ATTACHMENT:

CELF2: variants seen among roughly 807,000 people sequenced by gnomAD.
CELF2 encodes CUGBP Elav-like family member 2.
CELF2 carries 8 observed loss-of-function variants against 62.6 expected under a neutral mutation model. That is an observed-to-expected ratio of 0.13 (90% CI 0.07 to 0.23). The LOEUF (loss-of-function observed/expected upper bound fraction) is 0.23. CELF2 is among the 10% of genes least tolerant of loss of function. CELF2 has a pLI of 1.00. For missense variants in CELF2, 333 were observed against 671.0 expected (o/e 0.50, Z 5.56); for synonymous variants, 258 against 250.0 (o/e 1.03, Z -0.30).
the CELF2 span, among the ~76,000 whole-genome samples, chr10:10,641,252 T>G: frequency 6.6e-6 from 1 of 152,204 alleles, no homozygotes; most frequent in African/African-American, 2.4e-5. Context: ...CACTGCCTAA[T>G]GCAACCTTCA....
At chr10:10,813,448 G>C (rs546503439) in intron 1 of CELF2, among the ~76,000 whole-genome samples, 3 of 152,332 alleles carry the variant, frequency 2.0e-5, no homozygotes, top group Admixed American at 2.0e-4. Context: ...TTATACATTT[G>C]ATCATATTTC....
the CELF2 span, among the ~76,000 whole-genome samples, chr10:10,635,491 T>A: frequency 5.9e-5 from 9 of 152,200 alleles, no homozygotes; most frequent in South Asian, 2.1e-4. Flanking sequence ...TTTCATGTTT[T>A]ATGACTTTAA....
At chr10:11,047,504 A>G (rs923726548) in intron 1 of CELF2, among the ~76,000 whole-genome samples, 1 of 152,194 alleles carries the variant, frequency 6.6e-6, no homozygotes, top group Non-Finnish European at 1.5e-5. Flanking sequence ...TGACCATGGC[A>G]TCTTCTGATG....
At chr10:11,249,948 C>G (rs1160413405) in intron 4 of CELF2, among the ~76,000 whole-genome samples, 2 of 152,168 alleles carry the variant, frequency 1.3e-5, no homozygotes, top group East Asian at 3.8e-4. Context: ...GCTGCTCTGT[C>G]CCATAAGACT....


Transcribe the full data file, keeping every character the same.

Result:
CELF2: variants seen among roughly 807,000 people sequenced by gnomAD.
CELF2 encodes CUGBP Elav-like family member 2.
CELF2 carries 8 observed loss-of-function variants against 62.6 expected under a neutral mutation model. That is an observed-to-expected ratio of 0.13 (90% CI 0.07 to 0.23). The LOEUF (loss-of-function observed/expected upper bound fraction) is 0.23. CELF2 is among the 10% of genes least tolerant of loss of function. CELF2 has a pLI of 1.00. For missense variants in CELF2, 333 were observed against 671.0 expected (o/e 0.50, Z 5.56); for synonymous variants, 258 against 250.0 (o/e 1.03, Z -0.30).
the CELF2 span, among the ~76,000 whole-genome samples, chr10:10,641,252 T>G: frequency 6.6e-6 from 1 of 152,204 alleles, no homozygotes; most frequent in African/African-American, 2.4e-5. Context: ...CACTGCCTAA[T>G]GCAACCTTCA....
At chr10:10,813,448 G>C (rs546503439) in intron 1 of CELF2, among the ~76,000 whole-genome samples, 3 of 152,332 alleles carry the variant, frequency 2.0e-5, no homozygotes, top group Admixed American at 2.0e-4. Context: ...TTATACATTT[G>C]ATCATATTTC....
the CELF2 span, among the ~76,000 whole-genome samples, chr10:10,635,491 T>A: frequency 5.9e-5 from 9 of 152,200 alleles, no homozygotes; most frequent in South Asian, 2.1e-4. Flanking sequence ...TTTCATGTTT[T>A]ATGACTTTAA....
At chr10:11,047,504 A>G (rs923726548) in intron 1 of CELF2, among the ~76,000 whole-genome samples, 1 of 152,194 alleles carries the variant, frequency 6.6e-6, no homozygotes, top group Non-Finnish European at 1.5e-5. Flanking sequence ...TGACCATGGC[A>G]TCTTCTGATG....
At chr10:11,249,948 C>G (rs1160413405) in intron 4 of CELF2, among the ~76,000 whole-genome samples, 2 of 152,168 alleles carry the variant, frequency 1.3e-5, no homozygotes, top group East Asian at 3.8e-4. Context: ...GCTGCTCTGT[C>G]CCATAAGACT....